Health care organizations are rethinking their reliance on compliance requirements as the primary way to protect patient data, according to a Harris Poll survey of 920 IT decision makers conducted on behalf of Vormetric.
The survey results indicate that data protection in healthcare organizations has been driven largely by compliance requirements – 54 percent reported compliance requirements as the top reason for protecting sensitive data, and 68 percent rated compliance as very or extremely effective at stopping insider threats and data breaches.
At the same time, more than a quarter of respondents (26 percent) reported that their organization had previously experienced a data breach, and nearly half (48 percent) reported that in the last year their organization had failed a compliance audit or encountered a data breach.
“It’s hard for consumers to get a good view into the security practices of healthcare organizations today, but with some research they can arm themselves with information to help them evaluate the organization, and ask intelligent questions before making a decision,” Alan Kessler, CEO of Vormetric, told eWEEK.
However, the study indicates that priorities are changing, with respondents reporting that compliance is now their second priority for IT security spending at 39 percent. Preventing a data breach ranks first at 53 percent.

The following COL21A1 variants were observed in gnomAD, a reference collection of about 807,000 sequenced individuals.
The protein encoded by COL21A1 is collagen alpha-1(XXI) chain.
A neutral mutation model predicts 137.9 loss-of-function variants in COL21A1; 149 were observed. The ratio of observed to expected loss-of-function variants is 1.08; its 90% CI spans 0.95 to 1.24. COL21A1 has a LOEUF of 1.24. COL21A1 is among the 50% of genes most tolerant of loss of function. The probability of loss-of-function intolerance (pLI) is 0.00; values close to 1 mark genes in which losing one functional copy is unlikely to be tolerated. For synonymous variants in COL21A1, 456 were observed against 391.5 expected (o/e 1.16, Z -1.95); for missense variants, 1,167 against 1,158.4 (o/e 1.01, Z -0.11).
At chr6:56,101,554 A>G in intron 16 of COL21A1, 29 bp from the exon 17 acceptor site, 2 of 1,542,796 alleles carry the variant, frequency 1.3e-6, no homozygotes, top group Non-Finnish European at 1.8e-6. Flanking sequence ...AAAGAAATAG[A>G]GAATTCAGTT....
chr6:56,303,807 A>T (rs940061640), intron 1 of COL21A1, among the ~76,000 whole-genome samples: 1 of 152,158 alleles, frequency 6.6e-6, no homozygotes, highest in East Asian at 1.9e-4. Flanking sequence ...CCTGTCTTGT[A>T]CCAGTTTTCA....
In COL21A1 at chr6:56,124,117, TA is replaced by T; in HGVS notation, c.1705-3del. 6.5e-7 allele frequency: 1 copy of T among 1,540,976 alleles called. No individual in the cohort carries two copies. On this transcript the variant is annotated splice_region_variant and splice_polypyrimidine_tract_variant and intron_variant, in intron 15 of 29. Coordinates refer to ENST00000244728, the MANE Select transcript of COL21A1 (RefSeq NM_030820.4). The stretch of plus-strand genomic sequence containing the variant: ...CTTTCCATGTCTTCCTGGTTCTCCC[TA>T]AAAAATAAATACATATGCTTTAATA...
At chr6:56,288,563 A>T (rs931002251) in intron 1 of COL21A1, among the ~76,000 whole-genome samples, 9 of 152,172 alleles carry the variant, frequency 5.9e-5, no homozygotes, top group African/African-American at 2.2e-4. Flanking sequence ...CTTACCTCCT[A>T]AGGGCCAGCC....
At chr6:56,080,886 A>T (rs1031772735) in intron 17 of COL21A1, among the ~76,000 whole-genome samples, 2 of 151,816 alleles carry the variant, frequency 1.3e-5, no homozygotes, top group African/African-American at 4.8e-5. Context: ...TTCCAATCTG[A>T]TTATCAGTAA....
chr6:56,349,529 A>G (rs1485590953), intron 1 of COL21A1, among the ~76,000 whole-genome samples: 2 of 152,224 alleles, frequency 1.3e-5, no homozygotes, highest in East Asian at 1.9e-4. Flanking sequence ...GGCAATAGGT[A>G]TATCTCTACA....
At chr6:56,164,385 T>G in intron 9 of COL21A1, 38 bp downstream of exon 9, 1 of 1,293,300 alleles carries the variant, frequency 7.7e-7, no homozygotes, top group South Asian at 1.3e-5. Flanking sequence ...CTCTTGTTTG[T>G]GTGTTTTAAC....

In addition, 63 percent of health care IT decision makers report that their organizations are planning to increase spending to offset data threats.
An overwhelming 92 percent of respondents said their organizations are either somewhat or more vulnerable to insider threats, and 49 percent felt very or extremely vulnerable.
Additionally, 62 percent of respondents identified privileged users – those who have access to all resources available from systems they manage – as the most dangerous insiders. Partners with internal access and contractors ranked second and third.
The top factors driving IT security spending were data breach prevention at 53 percent, fulfilling compliance requirements and passing audits at 39 percent, and protection of financial and other assets at 38 percent.
“There is an evolution in process from a fixation on meeting compliance requirements, to protecting their organizations and patients from the consequences of data breaches,” Kessler said. “In effect, they are beginning to protect patients’ data as another element of protecting patients’ health. Frankly, we think we’ll see more health care organizations reset priorities as more breaches lead to financial and legal headaches. Sometimes, lessons need to be learned the hard way.”